When JFK ruled the Smoker Committee

And more highlights from the Ideas blog

John F. Kennedy (center), the chair of the Smoker Committee
John F. Kennedy (center), the chair of the Smoker Committee(Harvard archives)

Today, any college kid who thinks he might one day run for president is probably not looking to create ties with the tobacco industry. But as a Harvard undergraduate, John F. Kennedy chose the smoking field as one place to show off his already considerable leadership talents. The Harvard University Archives has a number of images from Kennedy’s freshman year, including one of the future president as chair of the Smoker Committee, which each year planned a tobacco-themed party for freshmen. Kennedy’s party was held in May 1937 at Memorial Hall on the Harvard campus, with tobacco and cigarettes supplied by Brown & Williamson Tobacco Co., appearances by baseball stars Frankie Frisch and Dizzy Dean, and two performances by The Dancing Rhythmettes. In the Smoker Committee picture, Kennedy, who was assassinated 50 years ago this week, has better posture and a more serious expression than any of his peers, as if he’d already moved on to a bigger stage.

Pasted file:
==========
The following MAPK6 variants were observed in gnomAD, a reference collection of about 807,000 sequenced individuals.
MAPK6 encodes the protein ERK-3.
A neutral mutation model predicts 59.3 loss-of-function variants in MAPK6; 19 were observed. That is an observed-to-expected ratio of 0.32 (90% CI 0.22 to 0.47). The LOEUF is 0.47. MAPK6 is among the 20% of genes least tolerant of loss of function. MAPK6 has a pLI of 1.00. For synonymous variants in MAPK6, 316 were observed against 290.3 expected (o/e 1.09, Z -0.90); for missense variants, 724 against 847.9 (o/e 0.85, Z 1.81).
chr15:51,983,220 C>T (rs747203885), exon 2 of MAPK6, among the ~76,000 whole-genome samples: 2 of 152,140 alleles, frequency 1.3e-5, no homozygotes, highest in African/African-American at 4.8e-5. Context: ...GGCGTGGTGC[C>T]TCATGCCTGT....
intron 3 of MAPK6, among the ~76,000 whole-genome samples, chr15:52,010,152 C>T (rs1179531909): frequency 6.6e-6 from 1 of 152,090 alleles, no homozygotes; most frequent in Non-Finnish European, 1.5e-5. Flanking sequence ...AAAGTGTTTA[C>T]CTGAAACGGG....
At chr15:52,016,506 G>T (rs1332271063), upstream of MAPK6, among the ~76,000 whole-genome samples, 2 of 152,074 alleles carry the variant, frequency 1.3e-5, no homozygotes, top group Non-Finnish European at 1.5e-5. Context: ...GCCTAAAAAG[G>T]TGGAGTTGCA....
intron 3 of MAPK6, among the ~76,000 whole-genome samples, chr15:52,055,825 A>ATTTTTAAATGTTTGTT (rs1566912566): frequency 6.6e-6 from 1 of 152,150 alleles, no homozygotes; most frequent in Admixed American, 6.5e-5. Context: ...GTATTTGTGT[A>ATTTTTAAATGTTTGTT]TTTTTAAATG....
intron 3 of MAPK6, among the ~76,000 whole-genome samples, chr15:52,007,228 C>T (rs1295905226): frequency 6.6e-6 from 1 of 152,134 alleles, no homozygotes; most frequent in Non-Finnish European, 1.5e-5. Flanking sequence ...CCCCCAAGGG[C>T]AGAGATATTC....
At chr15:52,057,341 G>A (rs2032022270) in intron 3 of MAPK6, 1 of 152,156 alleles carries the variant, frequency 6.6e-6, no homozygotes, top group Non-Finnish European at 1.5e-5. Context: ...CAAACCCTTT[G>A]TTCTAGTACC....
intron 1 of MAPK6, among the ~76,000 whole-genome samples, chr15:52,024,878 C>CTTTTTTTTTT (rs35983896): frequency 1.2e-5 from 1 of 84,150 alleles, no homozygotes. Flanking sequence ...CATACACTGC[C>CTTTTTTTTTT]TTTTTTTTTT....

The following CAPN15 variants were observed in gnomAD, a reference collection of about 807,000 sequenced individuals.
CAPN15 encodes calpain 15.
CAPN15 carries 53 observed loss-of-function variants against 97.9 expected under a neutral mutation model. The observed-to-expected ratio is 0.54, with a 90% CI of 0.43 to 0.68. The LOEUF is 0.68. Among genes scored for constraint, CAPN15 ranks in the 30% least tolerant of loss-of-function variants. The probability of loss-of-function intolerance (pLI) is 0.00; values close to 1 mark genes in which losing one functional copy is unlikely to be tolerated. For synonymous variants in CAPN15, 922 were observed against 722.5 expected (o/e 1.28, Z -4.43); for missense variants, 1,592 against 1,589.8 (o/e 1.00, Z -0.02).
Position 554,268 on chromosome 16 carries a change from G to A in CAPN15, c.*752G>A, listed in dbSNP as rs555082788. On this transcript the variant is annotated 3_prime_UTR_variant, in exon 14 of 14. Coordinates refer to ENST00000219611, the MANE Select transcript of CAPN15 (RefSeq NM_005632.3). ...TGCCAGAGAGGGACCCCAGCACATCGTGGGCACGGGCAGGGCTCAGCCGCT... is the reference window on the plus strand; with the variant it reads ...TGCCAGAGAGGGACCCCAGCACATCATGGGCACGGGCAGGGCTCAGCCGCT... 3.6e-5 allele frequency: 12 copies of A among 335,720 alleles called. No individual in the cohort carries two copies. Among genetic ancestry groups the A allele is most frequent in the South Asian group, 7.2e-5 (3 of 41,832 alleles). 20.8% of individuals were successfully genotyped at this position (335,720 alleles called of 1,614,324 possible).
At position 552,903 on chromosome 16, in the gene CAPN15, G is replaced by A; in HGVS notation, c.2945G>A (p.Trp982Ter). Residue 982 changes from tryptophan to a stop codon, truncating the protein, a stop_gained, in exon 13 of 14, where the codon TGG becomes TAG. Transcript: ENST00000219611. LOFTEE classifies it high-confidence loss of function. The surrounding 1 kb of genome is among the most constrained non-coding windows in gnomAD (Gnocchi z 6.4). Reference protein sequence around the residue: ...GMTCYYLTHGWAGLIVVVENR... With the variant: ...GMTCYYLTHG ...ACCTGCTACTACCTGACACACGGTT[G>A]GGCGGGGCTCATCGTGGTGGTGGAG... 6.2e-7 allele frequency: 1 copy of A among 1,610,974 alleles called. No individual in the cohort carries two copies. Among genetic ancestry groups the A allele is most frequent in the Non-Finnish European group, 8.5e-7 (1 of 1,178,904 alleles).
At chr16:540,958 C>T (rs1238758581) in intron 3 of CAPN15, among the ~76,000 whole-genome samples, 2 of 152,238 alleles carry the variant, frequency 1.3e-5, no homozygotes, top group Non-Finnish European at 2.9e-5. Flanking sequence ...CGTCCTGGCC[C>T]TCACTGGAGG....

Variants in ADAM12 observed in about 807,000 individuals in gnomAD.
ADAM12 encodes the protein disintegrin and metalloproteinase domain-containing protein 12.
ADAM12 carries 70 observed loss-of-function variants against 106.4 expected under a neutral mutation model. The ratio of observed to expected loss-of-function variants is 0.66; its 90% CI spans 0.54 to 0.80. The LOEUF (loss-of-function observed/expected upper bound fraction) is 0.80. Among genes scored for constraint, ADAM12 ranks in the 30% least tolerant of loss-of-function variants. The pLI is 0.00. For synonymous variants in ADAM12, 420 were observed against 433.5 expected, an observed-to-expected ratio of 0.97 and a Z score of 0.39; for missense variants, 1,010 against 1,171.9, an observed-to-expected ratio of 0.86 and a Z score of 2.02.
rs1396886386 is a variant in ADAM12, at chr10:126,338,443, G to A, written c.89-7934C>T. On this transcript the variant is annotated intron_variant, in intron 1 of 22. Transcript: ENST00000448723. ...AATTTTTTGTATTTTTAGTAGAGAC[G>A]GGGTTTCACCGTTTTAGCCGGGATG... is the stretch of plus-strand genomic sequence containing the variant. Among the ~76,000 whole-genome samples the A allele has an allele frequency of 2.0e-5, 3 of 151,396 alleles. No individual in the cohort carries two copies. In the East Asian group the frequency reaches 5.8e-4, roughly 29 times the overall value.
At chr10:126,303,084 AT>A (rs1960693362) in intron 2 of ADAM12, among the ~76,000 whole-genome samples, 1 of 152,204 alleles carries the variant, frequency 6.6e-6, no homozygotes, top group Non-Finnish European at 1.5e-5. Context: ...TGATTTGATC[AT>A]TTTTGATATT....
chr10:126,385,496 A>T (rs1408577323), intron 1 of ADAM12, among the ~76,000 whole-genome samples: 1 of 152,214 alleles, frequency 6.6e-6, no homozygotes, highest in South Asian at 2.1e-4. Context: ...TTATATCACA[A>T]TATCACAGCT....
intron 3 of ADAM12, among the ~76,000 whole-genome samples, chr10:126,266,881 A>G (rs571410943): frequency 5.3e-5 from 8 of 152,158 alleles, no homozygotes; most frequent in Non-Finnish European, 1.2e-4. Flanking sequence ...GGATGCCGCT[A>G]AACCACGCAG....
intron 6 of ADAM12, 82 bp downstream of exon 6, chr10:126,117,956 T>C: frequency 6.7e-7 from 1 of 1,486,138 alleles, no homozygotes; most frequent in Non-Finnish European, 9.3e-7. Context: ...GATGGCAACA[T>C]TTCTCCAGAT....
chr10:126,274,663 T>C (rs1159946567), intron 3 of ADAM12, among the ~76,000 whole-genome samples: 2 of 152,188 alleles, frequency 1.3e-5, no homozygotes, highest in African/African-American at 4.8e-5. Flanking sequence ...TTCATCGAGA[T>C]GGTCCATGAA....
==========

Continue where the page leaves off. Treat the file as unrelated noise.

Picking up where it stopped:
There’s been a lot written about how to present data clearly, but less about a more basic point: How do you get people to remember that they ever even saw your graphic? Michelle Borkin, a graduate student at Harvard, recently published results of a nifty experiment that measured the memorability of different ways of presenting data. Borkin collected 2,070 data visualizations—bar charts, tables, diagrams, maps, etc—and used Amazon’s Mechanical Turk to test how well people could recall having seen each one. Study participants watched as data visualizations flashed across their computer screens, and they pressed a key every time they saw a visualization they’d seen before. The most memorable visualizations contained “human recognizable objects,” were of a distinct type, and were colorful, with a low data-to-ink ratio. The least memorable visualizations were your garden variety bar charts, line graphs, and tables. All of this adds up to at least partial validation of the ongoing infographic craze, but as Borkin notes, memorability and effective data presentation are not the same thing: It’s possible, for example, to remember that you saw a graphic featuring a Tyrannosaurus, without being able to recall tomorrow how many bones it had in its body.

Kevin Hartnett is a writer in South Carolina. He can be reached at